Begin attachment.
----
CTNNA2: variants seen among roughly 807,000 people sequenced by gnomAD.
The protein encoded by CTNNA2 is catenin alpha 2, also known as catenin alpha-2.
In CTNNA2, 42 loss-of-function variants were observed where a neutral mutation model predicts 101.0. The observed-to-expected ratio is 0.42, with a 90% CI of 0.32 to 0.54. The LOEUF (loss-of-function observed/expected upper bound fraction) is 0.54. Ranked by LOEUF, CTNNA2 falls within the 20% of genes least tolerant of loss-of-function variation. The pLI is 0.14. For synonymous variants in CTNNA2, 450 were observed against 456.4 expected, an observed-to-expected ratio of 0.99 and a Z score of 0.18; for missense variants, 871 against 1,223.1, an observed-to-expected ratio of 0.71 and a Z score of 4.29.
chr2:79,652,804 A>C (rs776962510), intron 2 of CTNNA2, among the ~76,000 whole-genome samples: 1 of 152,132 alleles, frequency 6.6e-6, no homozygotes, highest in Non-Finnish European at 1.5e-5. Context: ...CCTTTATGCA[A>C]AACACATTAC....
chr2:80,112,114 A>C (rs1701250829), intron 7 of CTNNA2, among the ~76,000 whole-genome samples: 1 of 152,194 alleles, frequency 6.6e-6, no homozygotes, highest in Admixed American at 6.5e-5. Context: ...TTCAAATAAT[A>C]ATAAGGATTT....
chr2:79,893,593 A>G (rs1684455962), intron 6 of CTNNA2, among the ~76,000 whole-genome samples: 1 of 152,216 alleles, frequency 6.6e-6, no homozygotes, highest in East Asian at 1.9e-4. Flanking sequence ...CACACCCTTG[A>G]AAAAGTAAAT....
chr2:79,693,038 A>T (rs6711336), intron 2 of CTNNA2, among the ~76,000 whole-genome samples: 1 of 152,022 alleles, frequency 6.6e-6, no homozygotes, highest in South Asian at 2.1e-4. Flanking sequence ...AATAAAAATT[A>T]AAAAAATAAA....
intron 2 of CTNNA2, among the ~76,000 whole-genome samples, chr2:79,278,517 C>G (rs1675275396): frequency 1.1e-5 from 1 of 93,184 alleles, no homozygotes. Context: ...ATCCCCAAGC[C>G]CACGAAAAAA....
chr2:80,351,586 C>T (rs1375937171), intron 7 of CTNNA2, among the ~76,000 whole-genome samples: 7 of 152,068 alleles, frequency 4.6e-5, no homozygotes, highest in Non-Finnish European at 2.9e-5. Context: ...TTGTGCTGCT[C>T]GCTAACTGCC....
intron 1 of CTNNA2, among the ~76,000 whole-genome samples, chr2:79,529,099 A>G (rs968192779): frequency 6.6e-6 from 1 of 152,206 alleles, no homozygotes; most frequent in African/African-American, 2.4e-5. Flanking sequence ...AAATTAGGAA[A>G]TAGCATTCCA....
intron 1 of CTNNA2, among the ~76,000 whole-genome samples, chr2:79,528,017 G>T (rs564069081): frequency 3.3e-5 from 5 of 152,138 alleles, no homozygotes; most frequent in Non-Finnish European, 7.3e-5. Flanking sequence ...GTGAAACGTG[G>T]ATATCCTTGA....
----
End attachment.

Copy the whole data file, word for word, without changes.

CTNNA2: variants seen among roughly 807,000 people sequenced by gnomAD.
The protein encoded by CTNNA2 is catenin alpha 2, also known as catenin alpha-2.
In CTNNA2, 42 loss-of-function variants were observed where a neutral mutation model predicts 101.0. The observed-to-expected ratio is 0.42, with a 90% CI of 0.32 to 0.54. The LOEUF (loss-of-function observed/expected upper bound fraction) is 0.54. Ranked by LOEUF, CTNNA2 falls within the 20% of genes least tolerant of loss-of-function variation. The pLI is 0.14. For synonymous variants in CTNNA2, 450 were observed against 456.4 expected, an observed-to-expected ratio of 0.99 and a Z score of 0.18; for missense variants, 871 against 1,223.1, an observed-to-expected ratio of 0.71 and a Z score of 4.29.
chr2:79,652,804 A>C (rs776962510), intron 2 of CTNNA2, among the ~76,000 whole-genome samples: 1 of 152,132 alleles, frequency 6.6e-6, no homozygotes, highest in Non-Finnish European at 1.5e-5. Context: ...CCTTTATGCA[A>C]AACACATTAC....
chr2:80,112,114 A>C (rs1701250829), intron 7 of CTNNA2, among the ~76,000 whole-genome samples: 1 of 152,194 alleles, frequency 6.6e-6, no homozygotes, highest in Admixed American at 6.5e-5. Context: ...TTCAAATAAT[A>C]ATAAGGATTT....
chr2:79,893,593 A>G (rs1684455962), intron 6 of CTNNA2, among the ~76,000 whole-genome samples: 1 of 152,216 alleles, frequency 6.6e-6, no homozygotes, highest in East Asian at 1.9e-4. Flanking sequence ...CACACCCTTG[A>G]AAAAGTAAAT....
chr2:79,693,038 A>T (rs6711336), intron 2 of CTNNA2, among the ~76,000 whole-genome samples: 1 of 152,022 alleles, frequency 6.6e-6, no homozygotes, highest in South Asian at 2.1e-4. Flanking sequence ...AATAAAAATT[A>T]AAAAAATAAA....
intron 2 of CTNNA2, among the ~76,000 whole-genome samples, chr2:79,278,517 C>G (rs1675275396): frequency 1.1e-5 from 1 of 93,184 alleles, no homozygotes. Context: ...ATCCCCAAGC[C>G]CACGAAAAAA....
chr2:80,351,586 C>T (rs1375937171), intron 7 of CTNNA2, among the ~76,000 whole-genome samples: 7 of 152,068 alleles, frequency 4.6e-5, no homozygotes, highest in Non-Finnish European at 2.9e-5. Context: ...TTGTGCTGCT[C>T]GCTAACTGCC....
intron 1 of CTNNA2, among the ~76,000 whole-genome samples, chr2:79,529,099 A>G (rs968192779): frequency 6.6e-6 from 1 of 152,206 alleles, no homozygotes; most frequent in African/African-American, 2.4e-5. Flanking sequence ...AAATTAGGAA[A>G]TAGCATTCCA....
intron 1 of CTNNA2, among the ~76,000 whole-genome samples, chr2:79,528,017 G>T (rs564069081): frequency 3.3e-5 from 5 of 152,138 alleles, no homozygotes; most frequent in Non-Finnish European, 7.3e-5. Flanking sequence ...GTGAAACGTG[G>T]ATATCCTTGA....